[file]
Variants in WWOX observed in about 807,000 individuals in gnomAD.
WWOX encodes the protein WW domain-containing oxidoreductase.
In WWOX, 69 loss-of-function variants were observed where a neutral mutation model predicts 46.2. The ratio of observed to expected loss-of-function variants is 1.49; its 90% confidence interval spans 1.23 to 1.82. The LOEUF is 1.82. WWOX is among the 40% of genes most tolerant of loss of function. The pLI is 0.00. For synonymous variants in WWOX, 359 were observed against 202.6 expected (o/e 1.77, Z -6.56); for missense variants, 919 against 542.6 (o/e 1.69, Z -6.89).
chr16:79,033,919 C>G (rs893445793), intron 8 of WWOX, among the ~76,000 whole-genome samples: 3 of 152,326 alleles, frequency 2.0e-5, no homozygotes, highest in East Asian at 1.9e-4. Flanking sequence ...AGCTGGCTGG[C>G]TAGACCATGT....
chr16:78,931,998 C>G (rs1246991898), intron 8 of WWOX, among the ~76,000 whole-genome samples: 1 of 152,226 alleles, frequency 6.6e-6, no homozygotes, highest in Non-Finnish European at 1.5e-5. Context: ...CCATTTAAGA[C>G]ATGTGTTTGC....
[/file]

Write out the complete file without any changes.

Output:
Variants in WWOX observed in about 807,000 individuals in gnomAD.
WWOX encodes the protein WW domain-containing oxidoreductase.
In WWOX, 69 loss-of-function variants were observed where a neutral mutation model predicts 46.2. The ratio of observed to expected loss-of-function variants is 1.49; its 90% confidence interval spans 1.23 to 1.82. The LOEUF is 1.82. WWOX is among the 40% of genes most tolerant of loss of function. The pLI is 0.00. For synonymous variants in WWOX, 359 were observed against 202.6 expected (o/e 1.77, Z -6.56); for missense variants, 919 against 542.6 (o/e 1.69, Z -6.89).
chr16:79,033,919 C>G (rs893445793), intron 8 of WWOX, among the ~76,000 whole-genome samples: 3 of 152,326 alleles, frequency 2.0e-5, no homozygotes, highest in East Asian at 1.9e-4. Flanking sequence ...AGCTGGCTGG[C>G]TAGACCATGT....
chr16:78,931,998 C>G (rs1246991898), intron 8 of WWOX, among the ~76,000 whole-genome samples: 1 of 152,226 alleles, frequency 6.6e-6, no homozygotes, highest in Non-Finnish European at 1.5e-5. Context: ...CCATTTAAGA[C>G]ATGTGTTTGC....